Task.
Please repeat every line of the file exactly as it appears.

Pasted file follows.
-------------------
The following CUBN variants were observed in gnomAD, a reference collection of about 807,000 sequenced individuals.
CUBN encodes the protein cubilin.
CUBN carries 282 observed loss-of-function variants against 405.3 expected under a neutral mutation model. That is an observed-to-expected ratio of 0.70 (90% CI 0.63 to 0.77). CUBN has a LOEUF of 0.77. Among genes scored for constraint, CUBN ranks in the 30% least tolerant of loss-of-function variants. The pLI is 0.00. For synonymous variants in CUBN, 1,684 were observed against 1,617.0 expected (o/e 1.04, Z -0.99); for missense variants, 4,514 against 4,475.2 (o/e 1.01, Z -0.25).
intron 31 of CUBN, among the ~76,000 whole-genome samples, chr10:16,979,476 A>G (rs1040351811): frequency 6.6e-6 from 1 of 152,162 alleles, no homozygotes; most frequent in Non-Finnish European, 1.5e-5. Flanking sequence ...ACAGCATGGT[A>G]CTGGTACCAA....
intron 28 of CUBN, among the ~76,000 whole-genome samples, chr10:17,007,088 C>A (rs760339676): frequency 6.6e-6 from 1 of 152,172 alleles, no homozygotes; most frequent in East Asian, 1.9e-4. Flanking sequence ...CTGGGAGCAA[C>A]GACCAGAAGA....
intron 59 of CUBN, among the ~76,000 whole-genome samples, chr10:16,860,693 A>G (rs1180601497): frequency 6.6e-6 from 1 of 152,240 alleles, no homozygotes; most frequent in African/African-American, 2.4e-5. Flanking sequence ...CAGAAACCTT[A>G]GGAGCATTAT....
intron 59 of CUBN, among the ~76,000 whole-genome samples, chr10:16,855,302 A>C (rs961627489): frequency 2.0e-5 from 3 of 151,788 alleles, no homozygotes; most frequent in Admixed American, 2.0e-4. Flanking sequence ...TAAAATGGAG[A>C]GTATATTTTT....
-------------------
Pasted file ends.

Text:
The following CUBN variants were observed in gnomAD, a reference collection of about 807,000 sequenced individuals.
CUBN encodes the protein cubilin.
CUBN carries 282 observed loss-of-function variants against 405.3 expected under a neutral mutation model. That is an observed-to-expected ratio of 0.70 (90% CI 0.63 to 0.77). CUBN has a LOEUF of 0.77. Among genes scored for constraint, CUBN ranks in the 30% least tolerant of loss-of-function variants. The pLI is 0.00. For synonymous variants in CUBN, 1,684 were observed against 1,617.0 expected (o/e 1.04, Z -0.99); for missense variants, 4,514 against 4,475.2 (o/e 1.01, Z -0.25).
intron 31 of CUBN, among the ~76,000 whole-genome samples, chr10:16,979,476 A>G (rs1040351811): frequency 6.6e-6 from 1 of 152,162 alleles, no homozygotes; most frequent in Non-Finnish European, 1.5e-5. Flanking sequence ...ACAGCATGGT[A>G]CTGGTACCAA....
intron 28 of CUBN, among the ~76,000 whole-genome samples, chr10:17,007,088 C>A (rs760339676): frequency 6.6e-6 from 1 of 152,172 alleles, no homozygotes; most frequent in East Asian, 1.9e-4. Flanking sequence ...CTGGGAGCAA[C>A]GACCAGAAGA....
intron 59 of CUBN, among the ~76,000 whole-genome samples, chr10:16,860,693 A>G (rs1180601497): frequency 6.6e-6 from 1 of 152,240 alleles, no homozygotes; most frequent in African/African-American, 2.4e-5. Flanking sequence ...CAGAAACCTT[A>G]GGAGCATTAT....
intron 59 of CUBN, among the ~76,000 whole-genome samples, chr10:16,855,302 A>C (rs961627489): frequency 2.0e-5 from 3 of 151,788 alleles, no homozygotes; most frequent in Admixed American, 2.0e-4. Flanking sequence ...TAAAATGGAG[A>C]GTATATTTTT....